in [ACM] CACM 6(03) (Mar 1963) view details
  • Holbrook, Bernard D. and Brown, W. Stanley "A History of Computing Research at Bell Laboratories (1937-1975)" Computing Science Technical Report No. 99 1982 view details Extract: History
    To make this kind of operation really practicable, Bell Labs developed new problem-oriented programming languages that permitted such users to make effective use of the machine without the necessity of becoming completely familiar with programming in the machine's "native" language. These languages made floating-point operation available to the user (although the machines themselves operated in fixed-point arithmetic), greatly simplified the addressing of data in the memory, and provided useful diagnostic information as to program malfunctions. There were two such languages, each with specific advantages for certain types of work: the L1 language [28], developed by V. Michael Wolontis and Dolores C. Leagus, and the L2 language, developed by Richard W. Hamming and Ruth A. Weiss. They proved very convenient in operation, and both of them were released to users outside of Bell Labs, who usually referred to them as Bell 1 and Bell 2. In the late 1950s, at least half the IBM 650s doing scientific and engineering work used either Bell 1 or Bell 2. One organization became so fond of Bell 1 that, when its 650 was replaced by the more powerful IBM 1401 (which came complete with excellent IBM problem-oriented software), they went to the trouble of writing their own Bell 1 interpreter for the new machine.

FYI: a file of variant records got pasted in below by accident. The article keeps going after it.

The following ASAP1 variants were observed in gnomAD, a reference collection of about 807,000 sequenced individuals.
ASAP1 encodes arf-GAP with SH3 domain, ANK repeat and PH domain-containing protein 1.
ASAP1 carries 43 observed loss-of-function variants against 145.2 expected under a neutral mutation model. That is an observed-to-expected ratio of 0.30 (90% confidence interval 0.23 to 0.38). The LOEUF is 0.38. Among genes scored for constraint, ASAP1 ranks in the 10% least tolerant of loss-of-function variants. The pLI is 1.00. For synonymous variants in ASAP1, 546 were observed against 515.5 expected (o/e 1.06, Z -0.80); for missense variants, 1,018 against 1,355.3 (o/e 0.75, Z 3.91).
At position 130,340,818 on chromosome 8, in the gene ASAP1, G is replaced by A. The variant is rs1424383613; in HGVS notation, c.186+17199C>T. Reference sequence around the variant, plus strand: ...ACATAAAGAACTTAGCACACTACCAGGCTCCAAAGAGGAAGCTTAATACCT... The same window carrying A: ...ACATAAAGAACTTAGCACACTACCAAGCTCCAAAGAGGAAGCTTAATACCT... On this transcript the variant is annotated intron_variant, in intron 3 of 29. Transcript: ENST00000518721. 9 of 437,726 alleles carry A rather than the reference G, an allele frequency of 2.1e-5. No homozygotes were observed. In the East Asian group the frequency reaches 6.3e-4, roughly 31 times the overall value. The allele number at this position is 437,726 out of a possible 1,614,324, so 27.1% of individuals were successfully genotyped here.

With this software, the IBM 650s served Bell Labs scientists and engineers very well for several years. The operating procedures were straightforward: the user's program and data were keypunched and proofread, then the card deck, preceded by the L1 or L2 interpreter, was fed into the IBM 650, and the output appeared at the other end of the machine, also punched into cards. The output deck was then printed for the user on an IBM tabulator. If the user feared there might be undetected errors in the program, it could be run in tracing mode to obtain a complete listing of executed instructions. Clean decks were run by an operator without the user being present. During the last year of use of the 650s, the machines ran pretty well around the clock; on each of the second and third shifts, one operator ran both machines with no trouble.
          in [ACM] CACM 6(03) (Mar 1963) view details